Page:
For a company slapped with a court summons by its banker and with under eight weeks till a deadline to pay back $90 million in bonds to investors, Nam Cheong has been awfully silent.
Crucial debt restructuring talks have been ongoing since April, but so far yielded no positive progress updates from the down-and-out shipbuilder.
Nam Cheong's three tranches of outstanding bonds - $90 million due on Aug 28, $75 million due in July next year, and $200 million due in August 2019 - all trade at distressed levels.
The bonds maturing next month had a bid price of 15 cents to the dollar and an ask price of 20 cents, according to bondsupermart's last indicative pricing.
With little else in the way of new information to go by, any of Nam Cheong's 12,000 or so shareholders still vested in the counter should be on edge.
The foremost question: Will the company kick-start a debt restructuring process very soon, or too late? The fact is that unless Nam Cheong and its creditors bite the bullet, the loss-making business will continue to face going concern issues.
And if Nam Cheong wants to stay in control of the situation, it would be wise to reach some sort of consensus with bond holders before Aug 28, so as not to trigger a default. Things are looking grim.
In its last update on June 20, Nam Cheong disclosed that OCBC had filed a writ of summons and statement of claim against it in the High Court of Labuan, Malaysia, for the sum of US$10 million (S$13.8 million) lent to a Nam Cheong unit.
For a trade creditor to take such action is typical. For a bank to do so is uncommon.
"It (the summons) could be a retaliatory move to draw the company to the table, due to discussions that were frustrated," one analyst observed.
Nam Cheong's predicament is not easy. At the end of March, its short-term loans and borrowings amounted to RM941 million (S$303 million), including the $90 million bond repayment due on Aug 28.
Its long-term debt amounted to another RM895 million, of which $275 million pertained to the 2018 and 2019 bonds.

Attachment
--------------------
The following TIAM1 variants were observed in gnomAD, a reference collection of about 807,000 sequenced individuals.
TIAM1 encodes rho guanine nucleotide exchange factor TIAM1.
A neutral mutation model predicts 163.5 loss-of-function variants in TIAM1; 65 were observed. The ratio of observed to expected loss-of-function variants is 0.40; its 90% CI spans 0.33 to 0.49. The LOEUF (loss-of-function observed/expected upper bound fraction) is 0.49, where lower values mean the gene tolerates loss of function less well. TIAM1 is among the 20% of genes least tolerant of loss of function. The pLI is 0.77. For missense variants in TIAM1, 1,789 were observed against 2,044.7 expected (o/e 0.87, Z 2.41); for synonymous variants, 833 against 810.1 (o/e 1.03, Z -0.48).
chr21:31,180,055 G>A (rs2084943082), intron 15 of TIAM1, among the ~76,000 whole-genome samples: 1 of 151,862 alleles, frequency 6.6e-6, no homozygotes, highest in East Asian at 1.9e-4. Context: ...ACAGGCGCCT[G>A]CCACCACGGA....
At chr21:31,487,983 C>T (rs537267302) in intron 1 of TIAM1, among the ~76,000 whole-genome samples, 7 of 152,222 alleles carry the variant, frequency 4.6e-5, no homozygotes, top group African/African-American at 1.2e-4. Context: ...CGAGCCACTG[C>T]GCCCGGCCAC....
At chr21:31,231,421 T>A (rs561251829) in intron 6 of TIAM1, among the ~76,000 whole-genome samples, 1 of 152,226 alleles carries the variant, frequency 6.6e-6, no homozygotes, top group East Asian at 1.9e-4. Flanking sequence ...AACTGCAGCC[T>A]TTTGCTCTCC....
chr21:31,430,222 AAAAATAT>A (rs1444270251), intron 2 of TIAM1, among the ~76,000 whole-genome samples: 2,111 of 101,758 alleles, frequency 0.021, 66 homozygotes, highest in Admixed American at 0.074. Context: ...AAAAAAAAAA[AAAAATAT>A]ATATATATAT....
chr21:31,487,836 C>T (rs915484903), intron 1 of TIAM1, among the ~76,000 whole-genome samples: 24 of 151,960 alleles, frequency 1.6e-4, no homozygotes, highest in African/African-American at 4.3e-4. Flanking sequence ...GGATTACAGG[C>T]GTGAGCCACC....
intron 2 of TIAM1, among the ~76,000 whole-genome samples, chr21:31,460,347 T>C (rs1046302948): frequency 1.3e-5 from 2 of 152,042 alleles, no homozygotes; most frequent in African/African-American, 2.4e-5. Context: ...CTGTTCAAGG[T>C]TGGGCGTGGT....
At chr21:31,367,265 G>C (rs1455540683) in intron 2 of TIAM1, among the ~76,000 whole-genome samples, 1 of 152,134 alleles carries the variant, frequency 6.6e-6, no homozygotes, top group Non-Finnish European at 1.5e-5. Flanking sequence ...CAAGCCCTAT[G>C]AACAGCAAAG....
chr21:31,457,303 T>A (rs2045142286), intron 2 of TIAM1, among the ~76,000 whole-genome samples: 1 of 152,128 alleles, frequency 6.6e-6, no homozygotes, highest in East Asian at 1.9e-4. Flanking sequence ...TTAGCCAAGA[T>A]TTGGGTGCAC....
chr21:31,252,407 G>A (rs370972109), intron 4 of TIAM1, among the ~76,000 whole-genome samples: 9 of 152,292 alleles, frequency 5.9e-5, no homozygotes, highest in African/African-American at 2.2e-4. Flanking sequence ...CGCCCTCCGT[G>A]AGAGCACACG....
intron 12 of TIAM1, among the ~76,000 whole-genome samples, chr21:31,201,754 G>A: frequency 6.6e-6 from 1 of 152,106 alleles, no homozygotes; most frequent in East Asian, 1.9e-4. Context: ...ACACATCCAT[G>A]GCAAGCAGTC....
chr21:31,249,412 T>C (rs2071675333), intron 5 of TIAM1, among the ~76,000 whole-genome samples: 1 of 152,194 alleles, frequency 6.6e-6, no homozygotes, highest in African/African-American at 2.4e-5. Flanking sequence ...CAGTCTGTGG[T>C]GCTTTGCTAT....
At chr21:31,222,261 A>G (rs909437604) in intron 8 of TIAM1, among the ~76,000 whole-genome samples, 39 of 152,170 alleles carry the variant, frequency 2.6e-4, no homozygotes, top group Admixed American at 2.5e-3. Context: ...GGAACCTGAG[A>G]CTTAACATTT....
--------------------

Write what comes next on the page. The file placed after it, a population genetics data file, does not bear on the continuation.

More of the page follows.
In comparison, its cash balance is down to just RM116 million as at March 31, and dwindling fast.
In the first quarter alone, Nam Cheong burned through RM69.9 million in net operating cash outflows, of which RM69.8 million went into inventory building.
Basically, all Nam Cheong's offshore support vessels (OSVs) for which there are no buyers are parked under "inventories", which had ballooned to RM2.44 billion by the end of March.
With the OSV market weighed down by oversupply, fetching a good price for these vessels will not be easy.
OCBC credit analyst Nick Wong said: "Their business model is their biggest hurdle. If you catch the cycle wrongly, you will be stuck with all these vessels on your balance sheet."
In this the post-peak oil era, Nam Cheong's risky business model seems almost quaint. It would build vessels on a "build-to-stock" (BTS) basis, which means building a ship speculatively, before an order contract comes in.
Nam Cheong enjoyed higher margins from its BTS business than from constructing vessels on a "build-to-order" basis, until orders dried up.
In addition to its shipyard in Sarawak, Nam Cheong also subcontracted construction to shipyards in China.
How much longer the Chinese yards are willing to delay vessel delivery remains to be seen, as are the unanticipated costs that Nam Cheong might incur if that time comes.
Investors may be hoping for Nam Cheong's major shareholder, Tan Sri Datuk Tiong Su Kouk, to pull a rabbit out of a hat and give the ailing firm an equity injection.
A move like that might bring some comfort to the banks. Or it might be perceived as throwing good money after bad at a business from a dead era.
Nam Cheong shares closed flat at 2.1 cents yesterday.